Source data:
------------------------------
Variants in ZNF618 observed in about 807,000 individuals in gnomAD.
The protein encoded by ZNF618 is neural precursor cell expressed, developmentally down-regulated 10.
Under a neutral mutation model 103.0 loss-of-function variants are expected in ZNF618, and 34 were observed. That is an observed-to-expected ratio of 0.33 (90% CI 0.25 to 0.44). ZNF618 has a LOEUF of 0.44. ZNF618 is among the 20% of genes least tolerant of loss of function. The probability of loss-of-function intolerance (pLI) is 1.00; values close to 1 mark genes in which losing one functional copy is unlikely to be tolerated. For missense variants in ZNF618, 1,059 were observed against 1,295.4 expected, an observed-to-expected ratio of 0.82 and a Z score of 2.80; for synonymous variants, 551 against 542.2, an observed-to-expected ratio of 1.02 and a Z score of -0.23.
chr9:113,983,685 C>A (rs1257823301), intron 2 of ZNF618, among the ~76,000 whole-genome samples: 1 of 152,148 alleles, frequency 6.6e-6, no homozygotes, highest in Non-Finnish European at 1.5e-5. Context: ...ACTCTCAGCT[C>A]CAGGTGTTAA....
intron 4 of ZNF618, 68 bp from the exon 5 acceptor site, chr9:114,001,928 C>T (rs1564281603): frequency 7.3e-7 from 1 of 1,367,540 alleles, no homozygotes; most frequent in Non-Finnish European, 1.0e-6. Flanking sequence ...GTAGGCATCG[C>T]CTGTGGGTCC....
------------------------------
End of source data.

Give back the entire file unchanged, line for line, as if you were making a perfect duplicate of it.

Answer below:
Variants in ZNF618 observed in about 807,000 individuals in gnomAD.
The protein encoded by ZNF618 is neural precursor cell expressed, developmentally down-regulated 10.
Under a neutral mutation model 103.0 loss-of-function variants are expected in ZNF618, and 34 were observed. That is an observed-to-expected ratio of 0.33 (90% CI 0.25 to 0.44). ZNF618 has a LOEUF of 0.44. ZNF618 is among the 20% of genes least tolerant of loss of function. The probability of loss-of-function intolerance (pLI) is 1.00; values close to 1 mark genes in which losing one functional copy is unlikely to be tolerated. For missense variants in ZNF618, 1,059 were observed against 1,295.4 expected, an observed-to-expected ratio of 0.82 and a Z score of 2.80; for synonymous variants, 551 against 542.2, an observed-to-expected ratio of 1.02 and a Z score of -0.23.
chr9:113,983,685 C>A (rs1257823301), intron 2 of ZNF618, among the ~76,000 whole-genome samples: 1 of 152,148 alleles, frequency 6.6e-6, no homozygotes, highest in Non-Finnish European at 1.5e-5. Context: ...ACTCTCAGCT[C>A]CAGGTGTTAA....
intron 4 of ZNF618, 68 bp from the exon 5 acceptor site, chr9:114,001,928 C>T (rs1564281603): frequency 7.3e-7 from 1 of 1,367,540 alleles, no homozygotes; most frequent in Non-Finnish European, 1.0e-6. Flanking sequence ...GTAGGCATCG[C>T]CTGTGGGTCC....